The viewscreen was placed in the direction that the Captain now faced, and it displayed a live feed from the front of the Saturn. It wasn’t long before the docking facilities and nearby ships drew out of sight and all that remained was empty black space. There was no indication of movement at their current speed and the stars around them remained as far as ever.
“Increase speed to three-quarters impulse,” the Captain glanced back to the console on his armrest.
A few moments passed in silence before the helmsman announced, “We’re cleared for warp.”
“Set course for Bajor,” Captain Snow instructed. “Keep her at cruising speed for now, that means warp seven.”
The viewscreen was suddenly filled with a flash of blue light, and when that had faded the closer of the stars that dotted the black background transformed into long, moving streaks. The Captain watched this change before turning his gaze to his Chief Engineer.
“Everything is running optimally, sir,” Commander Val noticed the gaze and answered before Captain Snow even posed his question.
The Captain smiled approvingly and looked to the side at another Vulcan on the bridge, this one an older female with pale skin, “Lieutenant T’Vae, confirm status of external and internal comms.”
“We are picking up all Starfleet broadcasts and the expected number of civilian ones,” the Lieutenant reported. “Shipboard communications are online and holoprojection systems are active wherever they are installed.”
Captain Snow gave another nod and tapped his chair’s command interface, “This is your captain. Most of you here have probably heard of me. I mean, if you’re on this ship you really should’ve done your research. And if you did your research you probably saw a personnel file image of a guy with pointed ears and assumed I’m Admiral Tuvok’s brother or something.”
“I am not Admiral Tuvok’s brother. I am Tuvok! I’ve come back in time from when I was stuck in the Delta Quadrant to seek the advice of my future self and figure out how to get back home.”
He paused for a moment to let what he said register among the crew before bursting into laughter, “Please tell me nobody actually believed that. In all seriousness, I have the utmost respect for Admiral Tuvok as a Vulcan and a fellow Starfleet officer. But just because somebody’s got pointed ears doesn’t mean they’re going to be all cold and serious. You have any concerns you want to talk about, don’t be scared to come to me. I have the authority to give you orders but I’m not going to bark them all day like I’m running some kind of labour camp. My job is to ensure the safety and smooth operation of this ship and her crew, so I’m here to help.”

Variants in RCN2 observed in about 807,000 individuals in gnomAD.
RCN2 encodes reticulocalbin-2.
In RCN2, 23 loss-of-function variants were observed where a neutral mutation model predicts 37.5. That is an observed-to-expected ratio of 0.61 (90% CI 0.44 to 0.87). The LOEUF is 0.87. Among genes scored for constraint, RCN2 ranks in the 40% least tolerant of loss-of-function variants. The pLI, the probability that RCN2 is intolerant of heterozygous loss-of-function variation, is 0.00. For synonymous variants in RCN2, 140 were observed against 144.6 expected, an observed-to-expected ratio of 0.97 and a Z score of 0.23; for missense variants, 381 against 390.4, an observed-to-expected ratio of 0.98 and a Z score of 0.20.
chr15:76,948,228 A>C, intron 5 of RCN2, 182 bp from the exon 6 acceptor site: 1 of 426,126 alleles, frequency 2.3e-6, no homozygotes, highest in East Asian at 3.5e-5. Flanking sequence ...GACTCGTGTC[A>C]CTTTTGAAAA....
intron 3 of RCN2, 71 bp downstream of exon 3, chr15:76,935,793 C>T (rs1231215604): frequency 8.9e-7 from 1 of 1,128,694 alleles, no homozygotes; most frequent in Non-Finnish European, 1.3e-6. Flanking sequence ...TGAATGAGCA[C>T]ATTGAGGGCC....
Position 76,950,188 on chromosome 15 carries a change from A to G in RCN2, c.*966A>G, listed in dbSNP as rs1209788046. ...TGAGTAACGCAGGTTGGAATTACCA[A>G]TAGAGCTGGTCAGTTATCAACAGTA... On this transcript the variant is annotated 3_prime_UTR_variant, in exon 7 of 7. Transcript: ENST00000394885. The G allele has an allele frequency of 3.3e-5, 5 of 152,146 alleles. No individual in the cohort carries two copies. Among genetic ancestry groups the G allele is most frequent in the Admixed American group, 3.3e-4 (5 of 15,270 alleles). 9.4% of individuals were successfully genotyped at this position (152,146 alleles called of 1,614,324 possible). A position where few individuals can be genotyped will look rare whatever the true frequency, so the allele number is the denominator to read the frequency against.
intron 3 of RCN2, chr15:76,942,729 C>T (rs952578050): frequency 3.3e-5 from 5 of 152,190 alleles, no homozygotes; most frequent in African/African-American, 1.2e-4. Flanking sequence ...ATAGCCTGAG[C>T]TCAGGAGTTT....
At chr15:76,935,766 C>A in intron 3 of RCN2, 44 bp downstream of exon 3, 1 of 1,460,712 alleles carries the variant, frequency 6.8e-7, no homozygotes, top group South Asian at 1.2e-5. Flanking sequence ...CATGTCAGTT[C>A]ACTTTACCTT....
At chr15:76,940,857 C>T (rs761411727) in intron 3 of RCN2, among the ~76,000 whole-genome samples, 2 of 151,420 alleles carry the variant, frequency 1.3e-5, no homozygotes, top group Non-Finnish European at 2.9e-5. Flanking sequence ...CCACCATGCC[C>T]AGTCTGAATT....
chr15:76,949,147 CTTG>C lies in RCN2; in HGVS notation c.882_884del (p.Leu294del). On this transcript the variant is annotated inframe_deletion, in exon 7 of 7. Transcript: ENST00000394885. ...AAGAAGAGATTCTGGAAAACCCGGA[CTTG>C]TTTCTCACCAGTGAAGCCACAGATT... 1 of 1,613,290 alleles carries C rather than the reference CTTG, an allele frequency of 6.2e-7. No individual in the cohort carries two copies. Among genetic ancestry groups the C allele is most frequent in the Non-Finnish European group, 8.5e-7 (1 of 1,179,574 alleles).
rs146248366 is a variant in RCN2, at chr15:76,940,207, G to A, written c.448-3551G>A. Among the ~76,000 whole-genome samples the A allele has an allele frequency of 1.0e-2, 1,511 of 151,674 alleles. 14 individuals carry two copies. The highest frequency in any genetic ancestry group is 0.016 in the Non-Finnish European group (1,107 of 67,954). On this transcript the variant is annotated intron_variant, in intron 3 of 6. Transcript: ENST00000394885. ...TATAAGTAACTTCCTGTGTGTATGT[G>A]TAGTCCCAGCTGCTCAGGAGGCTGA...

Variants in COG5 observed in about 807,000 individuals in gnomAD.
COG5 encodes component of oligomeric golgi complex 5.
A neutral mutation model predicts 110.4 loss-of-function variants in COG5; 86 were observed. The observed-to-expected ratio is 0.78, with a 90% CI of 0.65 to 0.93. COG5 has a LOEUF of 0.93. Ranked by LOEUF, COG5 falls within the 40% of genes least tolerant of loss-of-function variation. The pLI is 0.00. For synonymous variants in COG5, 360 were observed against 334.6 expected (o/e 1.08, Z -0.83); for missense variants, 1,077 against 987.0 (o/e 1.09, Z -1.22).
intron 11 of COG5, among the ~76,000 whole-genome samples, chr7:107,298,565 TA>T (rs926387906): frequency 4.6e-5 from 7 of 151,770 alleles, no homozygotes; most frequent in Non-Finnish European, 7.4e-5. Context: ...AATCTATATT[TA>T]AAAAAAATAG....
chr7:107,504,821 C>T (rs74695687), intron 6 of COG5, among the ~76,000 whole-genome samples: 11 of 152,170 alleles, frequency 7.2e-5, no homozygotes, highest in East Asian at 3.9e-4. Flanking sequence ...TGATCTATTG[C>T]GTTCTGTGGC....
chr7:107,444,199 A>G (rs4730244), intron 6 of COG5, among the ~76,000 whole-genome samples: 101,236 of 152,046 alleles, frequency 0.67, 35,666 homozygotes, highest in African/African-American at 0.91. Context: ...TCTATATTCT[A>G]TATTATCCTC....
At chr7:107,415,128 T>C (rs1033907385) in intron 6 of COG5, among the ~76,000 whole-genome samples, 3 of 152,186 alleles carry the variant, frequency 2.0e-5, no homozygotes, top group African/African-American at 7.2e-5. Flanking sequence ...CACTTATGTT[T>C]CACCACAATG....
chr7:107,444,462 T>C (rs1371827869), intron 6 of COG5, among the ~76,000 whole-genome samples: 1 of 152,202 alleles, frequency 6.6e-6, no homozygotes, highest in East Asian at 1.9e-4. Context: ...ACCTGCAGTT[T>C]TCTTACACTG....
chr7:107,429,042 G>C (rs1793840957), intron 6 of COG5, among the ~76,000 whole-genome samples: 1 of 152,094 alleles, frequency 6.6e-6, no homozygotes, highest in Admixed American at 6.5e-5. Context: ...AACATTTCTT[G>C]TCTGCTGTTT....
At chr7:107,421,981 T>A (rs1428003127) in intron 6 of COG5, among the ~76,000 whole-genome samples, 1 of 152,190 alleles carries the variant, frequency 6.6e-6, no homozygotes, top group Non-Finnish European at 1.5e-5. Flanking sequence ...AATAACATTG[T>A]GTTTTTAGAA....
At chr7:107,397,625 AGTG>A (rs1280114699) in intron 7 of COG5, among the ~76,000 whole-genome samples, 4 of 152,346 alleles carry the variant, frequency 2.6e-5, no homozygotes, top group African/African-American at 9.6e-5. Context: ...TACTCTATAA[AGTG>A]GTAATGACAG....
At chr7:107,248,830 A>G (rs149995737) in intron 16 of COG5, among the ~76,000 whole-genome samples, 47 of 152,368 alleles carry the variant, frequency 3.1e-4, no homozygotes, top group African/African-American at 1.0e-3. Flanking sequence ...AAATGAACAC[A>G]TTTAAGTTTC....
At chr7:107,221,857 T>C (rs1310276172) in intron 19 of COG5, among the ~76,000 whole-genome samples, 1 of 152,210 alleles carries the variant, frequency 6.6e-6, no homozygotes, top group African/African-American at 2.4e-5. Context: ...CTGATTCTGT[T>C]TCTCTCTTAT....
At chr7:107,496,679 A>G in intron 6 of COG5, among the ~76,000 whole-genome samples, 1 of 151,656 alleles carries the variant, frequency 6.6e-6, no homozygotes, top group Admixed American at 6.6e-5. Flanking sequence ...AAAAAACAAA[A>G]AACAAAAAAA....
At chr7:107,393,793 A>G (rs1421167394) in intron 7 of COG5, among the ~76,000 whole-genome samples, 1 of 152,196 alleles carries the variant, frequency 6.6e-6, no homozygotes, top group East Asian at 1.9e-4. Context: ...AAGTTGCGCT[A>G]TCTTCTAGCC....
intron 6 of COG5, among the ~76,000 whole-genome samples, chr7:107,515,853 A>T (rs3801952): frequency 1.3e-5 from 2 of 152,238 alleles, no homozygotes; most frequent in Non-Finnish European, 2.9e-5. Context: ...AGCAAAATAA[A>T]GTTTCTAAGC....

“With that said, just because I know how to crack a joke doesn’t mean I don’t know logic. You get a calculation off and I can tell you it’s wrong with a glance. You break a rule and I can tell you exactly what regulation in the book you broke, verbatim. So you treat my ship well and you treat each other well. Otherwise I’m gonna be hearing about it, and believe me you don’t want to see my Vulcan side.”
“Now, to the business at hand! If you haven’t heard of me before that’s okay. But you definitely should’ve heard about the battle above Bajor between the Federation and its allies and the Tzenkethi. Apparently some bug things crashed the party and the Dominion joined in too. If you want to learn more read the reports and news articles. The point is, there was a big fight and a lot of ships are broken. Even Deep Space Nine suffered some major damage. We are the U.S.S. Saturn, the first ever mobile repair platform. So I think you can all guess what our work is.”
“Let’s go fix our fleet.”